• The paper elaborates on the rationale of repurposing this drug for treating COVID-19 patients. Since the repurposed drug has gone through the clinical development process for the treatment of other diseases and has already been tested for toxicity, many steps in preclinical and early clinical development can be avoided and the drug can be directly tested on COVID-19 subjects in phase-II trials.
  • The development of a new drug is time-consuming and cannot be relied on as a solution in combating the immediate pandemic. Drug repurposing is an attractive solution, wherein, an existing drug used to treat another related or unrelated ailment may be tested against COVID-19
  • An example of such a repurposed drug is Remdesivir. It was originally developed to treat Hepatitis C infection. The drug has shown limited success in treating COVID-19 patients.
  • Identification of more such drugs is important given the scale of the pandemic. Rapamycin works differently from Remdesivir. While the latter targets the virus itself, this Rapamycin targets the host proteins and may resist the infection.
  • Using repurposed drug such as Rapamycin that targets mTOR, a central molecule affecting multiple signalling pathways, may yield a significant clinical benefit for the treatment of COVID-19.
  • One of the main challenges in developing antiviral drugs for COVID-19 has been the extensive mutations that the virus undergoes, which makes one antiviral drug ineffective against another mutant, and the development of drug-resistant strains.
  • Treatment with drugs such as Rapamycin will not face that problem because it acts on host proteins and not on the virus. Rapamycin inhibits protein synthesis and can also arrest virus replication, irrespective of the type of mutant.
  • At a biochemical level, apart from inhibiting protein synthesis, Rapamycin has been known to inhibit pro-inflammatory cytokines. It is known that severe COVID-19 infection results in an increase in inflammatory cytokines in a process known as the ‘cytokine storm’.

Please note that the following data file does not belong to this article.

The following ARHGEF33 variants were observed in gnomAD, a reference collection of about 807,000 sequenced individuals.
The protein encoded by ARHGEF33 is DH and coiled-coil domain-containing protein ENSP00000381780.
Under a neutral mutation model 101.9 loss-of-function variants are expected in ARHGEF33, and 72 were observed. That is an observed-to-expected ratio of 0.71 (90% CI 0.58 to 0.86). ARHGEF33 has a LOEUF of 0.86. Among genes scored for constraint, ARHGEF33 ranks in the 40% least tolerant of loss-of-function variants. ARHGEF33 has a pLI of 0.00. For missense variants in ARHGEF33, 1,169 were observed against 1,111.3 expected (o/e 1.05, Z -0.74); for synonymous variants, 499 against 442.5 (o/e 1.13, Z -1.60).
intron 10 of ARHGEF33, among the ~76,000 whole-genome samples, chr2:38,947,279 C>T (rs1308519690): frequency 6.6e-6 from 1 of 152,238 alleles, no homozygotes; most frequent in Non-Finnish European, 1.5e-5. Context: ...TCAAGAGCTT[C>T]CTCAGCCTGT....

• The inhibitory action of Rapamycin towards cytokines also makes it a promising treatment for COVID-19.
  • Besides, Rapamycin is known to reduce obesity through various pathways and this can help in mitigating the severity of COVID-19 effects in obese people.
  • Furthermore, Rapamycin is known to induce autophagy, a cellular recycling process that helps in eliminating the damaged proteins and delaying aging. Given the connection between age and COVID mortality, i.e. more fatalities with older people, the anti-aging properties of Rapamycin can have protective effects against COVID-10-induced morbidities.

Zydus Cadila sought permission to use hepatitis drug for Covid 19:

  • Zydus Cadila has received restricted emergency use approval from the Drugs Controller General of India (DCGI)V.G. Somani for the use of ‘Virafin’, a pegylated interferon alpha-2b, to treat moderate covid-19 infection in adults.
  • It was originally used in treating Hepatitis B and C, and is administered in a single dose subcutaneous regimen.
  • When administered early in treating covid patients, Virafin can help faster recovery and avoid much of the complications, the company said. It will be available on the prescription of a medical specialist for use in a hospital and institutional setups.
  • The fact that we are able to offer a therapy which significantly reduces viral load when given early on can help in better disease management. It comes at a much-needed time for patients and we will continue to provide them access to critical therapies in this battle against covid-19.
  • Earlier this month, Zydus had sought authorization from the DCGI for the additional indication of hepatitis drug for treating covid-19. It had provided data from its phase 3 clinical trials across 20-25 centers in India, which showed that 91.15% of patients treated with Virafin were RT-PCR negative by the seventh day, as compared to 78.9% for standard care.